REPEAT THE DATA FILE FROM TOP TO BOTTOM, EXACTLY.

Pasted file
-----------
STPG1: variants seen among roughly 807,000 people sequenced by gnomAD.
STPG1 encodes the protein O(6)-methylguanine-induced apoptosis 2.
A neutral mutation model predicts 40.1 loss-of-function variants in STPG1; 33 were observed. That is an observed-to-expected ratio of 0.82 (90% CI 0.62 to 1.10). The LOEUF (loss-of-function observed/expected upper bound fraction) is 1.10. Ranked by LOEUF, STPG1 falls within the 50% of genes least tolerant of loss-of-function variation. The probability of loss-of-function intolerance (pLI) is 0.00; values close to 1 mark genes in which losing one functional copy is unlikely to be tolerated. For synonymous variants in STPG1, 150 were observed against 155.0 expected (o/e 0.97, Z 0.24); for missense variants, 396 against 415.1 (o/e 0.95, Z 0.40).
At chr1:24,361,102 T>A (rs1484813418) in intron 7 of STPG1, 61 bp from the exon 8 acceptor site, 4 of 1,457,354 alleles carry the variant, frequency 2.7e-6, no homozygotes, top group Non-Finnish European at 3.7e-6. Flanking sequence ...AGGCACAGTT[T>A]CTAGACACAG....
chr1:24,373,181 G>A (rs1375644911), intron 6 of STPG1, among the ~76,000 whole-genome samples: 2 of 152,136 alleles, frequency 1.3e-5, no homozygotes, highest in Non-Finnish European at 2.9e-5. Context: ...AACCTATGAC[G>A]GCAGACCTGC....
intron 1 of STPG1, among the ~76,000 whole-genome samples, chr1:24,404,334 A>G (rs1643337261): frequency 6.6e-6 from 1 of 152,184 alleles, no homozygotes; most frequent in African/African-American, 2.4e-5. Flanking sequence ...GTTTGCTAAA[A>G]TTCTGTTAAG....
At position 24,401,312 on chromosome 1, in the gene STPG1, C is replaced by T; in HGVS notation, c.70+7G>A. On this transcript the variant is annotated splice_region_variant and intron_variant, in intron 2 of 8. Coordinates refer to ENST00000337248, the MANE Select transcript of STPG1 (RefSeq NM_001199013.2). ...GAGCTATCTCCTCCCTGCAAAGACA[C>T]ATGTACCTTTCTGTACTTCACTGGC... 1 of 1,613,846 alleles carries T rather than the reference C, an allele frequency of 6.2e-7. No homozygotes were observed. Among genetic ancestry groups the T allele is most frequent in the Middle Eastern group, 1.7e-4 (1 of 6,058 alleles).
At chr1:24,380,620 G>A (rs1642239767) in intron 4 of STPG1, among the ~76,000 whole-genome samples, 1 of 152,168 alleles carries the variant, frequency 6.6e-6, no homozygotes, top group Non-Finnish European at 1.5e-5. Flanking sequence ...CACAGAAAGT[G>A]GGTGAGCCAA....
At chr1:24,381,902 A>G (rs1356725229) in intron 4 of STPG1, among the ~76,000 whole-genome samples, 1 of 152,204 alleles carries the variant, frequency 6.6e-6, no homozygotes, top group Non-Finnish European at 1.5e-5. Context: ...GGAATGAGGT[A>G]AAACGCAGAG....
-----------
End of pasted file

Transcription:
STPG1: variants seen among roughly 807,000 people sequenced by gnomAD.
STPG1 encodes the protein O(6)-methylguanine-induced apoptosis 2.
A neutral mutation model predicts 40.1 loss-of-function variants in STPG1; 33 were observed. That is an observed-to-expected ratio of 0.82 (90% CI 0.62 to 1.10). The LOEUF (loss-of-function observed/expected upper bound fraction) is 1.10. Ranked by LOEUF, STPG1 falls within the 50% of genes least tolerant of loss-of-function variation. The probability of loss-of-function intolerance (pLI) is 0.00; values close to 1 mark genes in which losing one functional copy is unlikely to be tolerated. For synonymous variants in STPG1, 150 were observed against 155.0 expected (o/e 0.97, Z 0.24); for missense variants, 396 against 415.1 (o/e 0.95, Z 0.40).
At chr1:24,361,102 T>A (rs1484813418) in intron 7 of STPG1, 61 bp from the exon 8 acceptor site, 4 of 1,457,354 alleles carry the variant, frequency 2.7e-6, no homozygotes, top group Non-Finnish European at 3.7e-6. Flanking sequence ...AGGCACAGTT[T>A]CTAGACACAG....
chr1:24,373,181 G>A (rs1375644911), intron 6 of STPG1, among the ~76,000 whole-genome samples: 2 of 152,136 alleles, frequency 1.3e-5, no homozygotes, highest in Non-Finnish European at 2.9e-5. Context: ...AACCTATGAC[G>A]GCAGACCTGC....
intron 1 of STPG1, among the ~76,000 whole-genome samples, chr1:24,404,334 A>G (rs1643337261): frequency 6.6e-6 from 1 of 152,184 alleles, no homozygotes; most frequent in African/African-American, 2.4e-5. Flanking sequence ...GTTTGCTAAA[A>G]TTCTGTTAAG....
At position 24,401,312 on chromosome 1, in the gene STPG1, C is replaced by T; in HGVS notation, c.70+7G>A. On this transcript the variant is annotated splice_region_variant and intron_variant, in intron 2 of 8. Coordinates refer to ENST00000337248, the MANE Select transcript of STPG1 (RefSeq NM_001199013.2). ...GAGCTATCTCCTCCCTGCAAAGACA[C>T]ATGTACCTTTCTGTACTTCACTGGC... 1 of 1,613,846 alleles carries T rather than the reference C, an allele frequency of 6.2e-7. No homozygotes were observed. Among genetic ancestry groups the T allele is most frequent in the Middle Eastern group, 1.7e-4 (1 of 6,058 alleles).
At chr1:24,380,620 G>A (rs1642239767) in intron 4 of STPG1, among the ~76,000 whole-genome samples, 1 of 152,168 alleles carries the variant, frequency 6.6e-6, no homozygotes, top group Non-Finnish European at 1.5e-5. Flanking sequence ...CACAGAAAGT[G>A]GGTGAGCCAA....
At chr1:24,381,902 A>G (rs1356725229) in intron 4 of STPG1, among the ~76,000 whole-genome samples, 1 of 152,204 alleles carries the variant, frequency 6.6e-6, no homozygotes, top group Non-Finnish European at 1.5e-5. Context: ...GGAATGAGGT[A>G]AAACGCAGAG....